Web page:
BookHound
Reviews and Recommendations by Mel Odom, Professional Writer

THE LONG WAY DOWN by Craig Schaefer

Craig Schaefer The Long Way Down

I try to keep up with everything being published, but it’s gotten harder with all the ebook publications that have sprung up. One of the series I missed when it first debuted is Craig Schaefer’s Dan Faust fantasy series, but I’m catching up.

Dan Faust is an interesting character, a real-live mage who sometimes does street magic to pay the bills in Las Vegas. We meet him in the first book, The Long Way Down, which actually sounds like it could be the title of a Raymond Chandler novel. Chandler’s iconic private eye, Philip Marlowe, was one of Schaefer’s inspirations for his Faust character. Faust is just coming out of a broken relationship, too many booze-filled nights, and a slowdown in business.

Faust’s major occupation is revenge for hire. If a client can prove the person they want revenge on deserves getting Faust’s brand of justice, and they can meet the price, Faust can deliver on revenge that’s merely a financial crisis, a loss of public image, or even death.

I had a really good time with this book. Schaefer’s prose is easy to read, the plot is twisty but not overly complicated, and he brings in the backstory of the character and the world of magic pretty well. The reveals on Faust’s history and how he’d come to be where he is read well and are interesting.

Overall, the book has a definite Raymond Chandler vibe to it. There are bad guys doing nefarious stuff and it ties back to some of Vegas’s history, some to the main character’s history, and some that develops organically. The pacing is good and kept me flipping the pages throughout, wanting to know what was going to happen next even though most readers can put it together easily enough.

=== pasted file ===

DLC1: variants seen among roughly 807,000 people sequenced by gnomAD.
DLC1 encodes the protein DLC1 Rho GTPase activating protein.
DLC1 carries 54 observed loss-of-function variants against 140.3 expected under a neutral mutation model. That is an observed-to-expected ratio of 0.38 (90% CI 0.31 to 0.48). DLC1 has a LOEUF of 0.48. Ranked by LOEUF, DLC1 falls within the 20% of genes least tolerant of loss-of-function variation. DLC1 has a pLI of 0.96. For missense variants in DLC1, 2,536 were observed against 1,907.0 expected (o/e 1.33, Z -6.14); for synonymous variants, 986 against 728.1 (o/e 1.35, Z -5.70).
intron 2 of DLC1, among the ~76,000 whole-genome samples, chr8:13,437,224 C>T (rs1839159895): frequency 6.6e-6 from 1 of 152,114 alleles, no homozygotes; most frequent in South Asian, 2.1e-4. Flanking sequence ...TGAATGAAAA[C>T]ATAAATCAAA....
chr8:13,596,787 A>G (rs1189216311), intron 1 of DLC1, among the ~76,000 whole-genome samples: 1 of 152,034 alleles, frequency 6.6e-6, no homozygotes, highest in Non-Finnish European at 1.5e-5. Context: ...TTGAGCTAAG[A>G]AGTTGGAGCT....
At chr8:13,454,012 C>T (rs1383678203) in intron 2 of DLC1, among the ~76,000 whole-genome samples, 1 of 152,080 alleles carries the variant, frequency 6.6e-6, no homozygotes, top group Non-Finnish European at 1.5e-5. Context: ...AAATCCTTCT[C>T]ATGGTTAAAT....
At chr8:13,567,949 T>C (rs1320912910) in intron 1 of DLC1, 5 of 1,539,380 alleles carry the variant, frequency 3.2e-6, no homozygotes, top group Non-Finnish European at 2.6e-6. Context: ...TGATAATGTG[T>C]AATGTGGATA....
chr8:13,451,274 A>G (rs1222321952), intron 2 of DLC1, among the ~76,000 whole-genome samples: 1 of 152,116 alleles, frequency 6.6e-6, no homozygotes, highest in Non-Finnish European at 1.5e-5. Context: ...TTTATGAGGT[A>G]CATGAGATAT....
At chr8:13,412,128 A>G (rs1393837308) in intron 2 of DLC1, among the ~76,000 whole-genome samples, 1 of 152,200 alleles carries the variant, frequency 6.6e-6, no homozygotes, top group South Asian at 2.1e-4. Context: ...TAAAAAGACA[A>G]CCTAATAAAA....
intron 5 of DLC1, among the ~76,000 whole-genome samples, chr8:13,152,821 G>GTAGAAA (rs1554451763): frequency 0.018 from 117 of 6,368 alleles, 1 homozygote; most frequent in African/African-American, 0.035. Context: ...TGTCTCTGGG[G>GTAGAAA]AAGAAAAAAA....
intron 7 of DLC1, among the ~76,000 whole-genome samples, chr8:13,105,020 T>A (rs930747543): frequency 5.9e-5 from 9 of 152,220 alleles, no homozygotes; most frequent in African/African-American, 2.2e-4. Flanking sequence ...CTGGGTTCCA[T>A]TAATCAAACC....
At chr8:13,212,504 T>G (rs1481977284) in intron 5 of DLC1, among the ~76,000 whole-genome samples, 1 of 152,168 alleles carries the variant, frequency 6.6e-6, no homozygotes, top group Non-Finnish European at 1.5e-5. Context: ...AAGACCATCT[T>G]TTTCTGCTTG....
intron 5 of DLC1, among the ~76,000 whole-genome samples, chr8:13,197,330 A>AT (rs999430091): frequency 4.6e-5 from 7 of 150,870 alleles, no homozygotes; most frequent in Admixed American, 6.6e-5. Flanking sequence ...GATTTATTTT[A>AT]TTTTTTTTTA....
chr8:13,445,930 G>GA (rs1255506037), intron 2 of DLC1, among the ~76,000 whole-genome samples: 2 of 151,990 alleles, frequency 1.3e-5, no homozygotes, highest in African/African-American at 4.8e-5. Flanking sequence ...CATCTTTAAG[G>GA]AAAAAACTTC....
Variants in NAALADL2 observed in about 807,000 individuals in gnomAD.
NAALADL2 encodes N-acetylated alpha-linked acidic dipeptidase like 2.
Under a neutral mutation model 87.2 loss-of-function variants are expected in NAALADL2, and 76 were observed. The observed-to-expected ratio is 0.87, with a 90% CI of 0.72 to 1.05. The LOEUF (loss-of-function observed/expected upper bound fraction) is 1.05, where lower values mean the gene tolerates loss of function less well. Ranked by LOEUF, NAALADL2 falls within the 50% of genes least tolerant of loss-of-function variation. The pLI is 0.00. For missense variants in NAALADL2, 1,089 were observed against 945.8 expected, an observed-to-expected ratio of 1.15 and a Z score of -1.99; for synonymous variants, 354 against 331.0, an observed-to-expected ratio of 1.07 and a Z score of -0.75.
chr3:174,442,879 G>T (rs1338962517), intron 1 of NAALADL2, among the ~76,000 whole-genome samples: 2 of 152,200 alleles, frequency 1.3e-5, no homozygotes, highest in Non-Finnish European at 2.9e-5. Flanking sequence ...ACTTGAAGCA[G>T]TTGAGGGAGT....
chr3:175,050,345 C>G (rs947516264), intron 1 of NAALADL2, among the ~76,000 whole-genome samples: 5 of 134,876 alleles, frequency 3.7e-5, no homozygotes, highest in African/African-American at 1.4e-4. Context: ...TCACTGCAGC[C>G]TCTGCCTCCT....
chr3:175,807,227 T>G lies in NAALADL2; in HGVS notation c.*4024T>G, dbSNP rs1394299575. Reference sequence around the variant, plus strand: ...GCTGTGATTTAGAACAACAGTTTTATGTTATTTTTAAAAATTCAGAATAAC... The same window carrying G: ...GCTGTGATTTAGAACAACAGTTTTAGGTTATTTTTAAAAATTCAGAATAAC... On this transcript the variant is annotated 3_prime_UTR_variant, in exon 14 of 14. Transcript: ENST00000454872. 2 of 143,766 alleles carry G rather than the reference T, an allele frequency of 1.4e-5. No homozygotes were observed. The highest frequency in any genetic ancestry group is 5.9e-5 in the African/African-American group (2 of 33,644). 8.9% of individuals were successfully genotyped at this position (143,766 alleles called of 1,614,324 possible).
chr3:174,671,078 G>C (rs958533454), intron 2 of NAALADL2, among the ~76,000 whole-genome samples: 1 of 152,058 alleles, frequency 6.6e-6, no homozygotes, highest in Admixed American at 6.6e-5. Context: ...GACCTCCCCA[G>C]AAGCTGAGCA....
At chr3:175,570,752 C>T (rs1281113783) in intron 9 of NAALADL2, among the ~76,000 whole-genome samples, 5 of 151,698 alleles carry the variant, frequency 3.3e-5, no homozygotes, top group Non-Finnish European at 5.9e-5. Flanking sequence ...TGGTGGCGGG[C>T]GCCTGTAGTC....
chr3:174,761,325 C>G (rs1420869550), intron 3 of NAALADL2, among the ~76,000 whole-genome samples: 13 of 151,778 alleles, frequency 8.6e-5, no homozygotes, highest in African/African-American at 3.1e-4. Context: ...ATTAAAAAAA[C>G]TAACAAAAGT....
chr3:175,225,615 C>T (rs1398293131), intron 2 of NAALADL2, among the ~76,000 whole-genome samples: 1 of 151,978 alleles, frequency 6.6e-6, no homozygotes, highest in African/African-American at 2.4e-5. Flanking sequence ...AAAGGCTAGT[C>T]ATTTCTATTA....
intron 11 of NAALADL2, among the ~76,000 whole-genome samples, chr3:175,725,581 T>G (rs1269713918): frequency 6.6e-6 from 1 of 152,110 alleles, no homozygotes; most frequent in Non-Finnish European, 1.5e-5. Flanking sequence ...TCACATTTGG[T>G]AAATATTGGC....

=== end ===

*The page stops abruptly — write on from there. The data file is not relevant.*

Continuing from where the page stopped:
I like Faust’s “family” but they’re not as strongly developed in this novel as I would have liked. However, this is the first book of a series, so there’s time to get to all of that. They’re definitely an interesting mix.

The love interest in the book threw me off a little. The attraction seemed to come out of nowhere (at least to me) on both their parts. The decision to get together (even though there is a TON of reasons not to do it) felt more an author’s decision than an organic thing that developed. There was plenty of reason for them to work together without the romance so the relationship side of things could be developed at a slower pace. Even the acceptance by Faust’s family would have had more time to come into its own and not feel as contrived.

Overall, I had a good time with the book and have picked up the next one to read as well. Since the book is self-pubbed, I have to wonder why New York would have passed on this one. It will definitely appeal to the same audience who reads Jim Butcher and Patricia Briggs.

The formatting and grammar in the book are as impeccable as that beautiful cover. So if you’ve become wary of self-pubbed books due to editing mistakes, rest assured this one is very well done.

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